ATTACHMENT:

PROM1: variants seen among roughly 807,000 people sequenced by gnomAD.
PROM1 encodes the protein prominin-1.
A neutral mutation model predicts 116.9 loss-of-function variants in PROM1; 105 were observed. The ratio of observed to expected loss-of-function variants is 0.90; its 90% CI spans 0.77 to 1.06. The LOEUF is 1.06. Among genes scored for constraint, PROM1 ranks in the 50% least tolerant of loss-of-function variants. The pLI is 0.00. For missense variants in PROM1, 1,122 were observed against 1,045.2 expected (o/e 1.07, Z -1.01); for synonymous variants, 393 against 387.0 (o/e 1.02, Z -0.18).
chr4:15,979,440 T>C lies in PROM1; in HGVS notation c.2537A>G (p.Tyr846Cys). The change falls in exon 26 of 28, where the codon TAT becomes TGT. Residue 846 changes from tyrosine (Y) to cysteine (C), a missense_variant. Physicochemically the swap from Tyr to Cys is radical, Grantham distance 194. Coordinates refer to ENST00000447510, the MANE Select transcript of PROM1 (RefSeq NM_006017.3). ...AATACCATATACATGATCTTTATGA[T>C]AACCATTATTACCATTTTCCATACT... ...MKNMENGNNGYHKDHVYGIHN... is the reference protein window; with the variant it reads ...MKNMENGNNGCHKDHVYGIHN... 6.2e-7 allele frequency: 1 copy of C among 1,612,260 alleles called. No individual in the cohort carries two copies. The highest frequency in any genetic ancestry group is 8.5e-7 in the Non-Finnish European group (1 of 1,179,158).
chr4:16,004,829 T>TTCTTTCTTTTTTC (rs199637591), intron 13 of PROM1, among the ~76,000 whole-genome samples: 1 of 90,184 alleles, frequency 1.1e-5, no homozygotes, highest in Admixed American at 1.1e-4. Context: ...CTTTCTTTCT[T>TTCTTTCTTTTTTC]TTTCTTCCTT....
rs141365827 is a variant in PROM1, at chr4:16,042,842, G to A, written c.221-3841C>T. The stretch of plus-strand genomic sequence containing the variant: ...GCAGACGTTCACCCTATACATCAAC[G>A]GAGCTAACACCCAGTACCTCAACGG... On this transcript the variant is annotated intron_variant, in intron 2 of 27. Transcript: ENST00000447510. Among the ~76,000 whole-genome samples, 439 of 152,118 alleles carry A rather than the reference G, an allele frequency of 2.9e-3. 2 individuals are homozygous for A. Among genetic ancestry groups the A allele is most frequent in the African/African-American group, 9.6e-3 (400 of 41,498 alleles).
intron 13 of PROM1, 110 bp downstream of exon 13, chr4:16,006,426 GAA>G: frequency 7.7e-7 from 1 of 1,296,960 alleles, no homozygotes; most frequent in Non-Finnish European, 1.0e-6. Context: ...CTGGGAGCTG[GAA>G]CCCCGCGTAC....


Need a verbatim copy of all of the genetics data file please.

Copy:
PROM1: variants seen among roughly 807,000 people sequenced by gnomAD.
PROM1 encodes the protein prominin-1.
A neutral mutation model predicts 116.9 loss-of-function variants in PROM1; 105 were observed. The ratio of observed to expected loss-of-function variants is 0.90; its 90% CI spans 0.77 to 1.06. The LOEUF is 1.06. Among genes scored for constraint, PROM1 ranks in the 50% least tolerant of loss-of-function variants. The pLI is 0.00. For missense variants in PROM1, 1,122 were observed against 1,045.2 expected (o/e 1.07, Z -1.01); for synonymous variants, 393 against 387.0 (o/e 1.02, Z -0.18).
chr4:15,979,440 T>C lies in PROM1; in HGVS notation c.2537A>G (p.Tyr846Cys). The change falls in exon 26 of 28, where the codon TAT becomes TGT. Residue 846 changes from tyrosine (Y) to cysteine (C), a missense_variant. Physicochemically the swap from Tyr to Cys is radical, Grantham distance 194. Coordinates refer to ENST00000447510, the MANE Select transcript of PROM1 (RefSeq NM_006017.3). ...AATACCATATACATGATCTTTATGA[T>C]AACCATTATTACCATTTTCCATACT... ...MKNMENGNNGYHKDHVYGIHN... is the reference protein window; with the variant it reads ...MKNMENGNNGCHKDHVYGIHN... 6.2e-7 allele frequency: 1 copy of C among 1,612,260 alleles called. No individual in the cohort carries two copies. The highest frequency in any genetic ancestry group is 8.5e-7 in the Non-Finnish European group (1 of 1,179,158).
chr4:16,004,829 T>TTCTTTCTTTTTTC (rs199637591), intron 13 of PROM1, among the ~76,000 whole-genome samples: 1 of 90,184 alleles, frequency 1.1e-5, no homozygotes, highest in Admixed American at 1.1e-4. Context: ...CTTTCTTTCT[T>TTCTTTCTTTTTTC]TTTCTTCCTT....
rs141365827 is a variant in PROM1, at chr4:16,042,842, G to A, written c.221-3841C>T. The stretch of plus-strand genomic sequence containing the variant: ...GCAGACGTTCACCCTATACATCAAC[G>A]GAGCTAACACCCAGTACCTCAACGG... On this transcript the variant is annotated intron_variant, in intron 2 of 27. Transcript: ENST00000447510. Among the ~76,000 whole-genome samples, 439 of 152,118 alleles carry A rather than the reference G, an allele frequency of 2.9e-3. 2 individuals are homozygous for A. Among genetic ancestry groups the A allele is most frequent in the African/African-American group, 9.6e-3 (400 of 41,498 alleles).
intron 13 of PROM1, 110 bp downstream of exon 13, chr4:16,006,426 GAA>G: frequency 7.7e-7 from 1 of 1,296,960 alleles, no homozygotes; most frequent in Non-Finnish European, 1.0e-6. Context: ...CTGGGAGCTG[GAA>G]CCCCGCGTAC....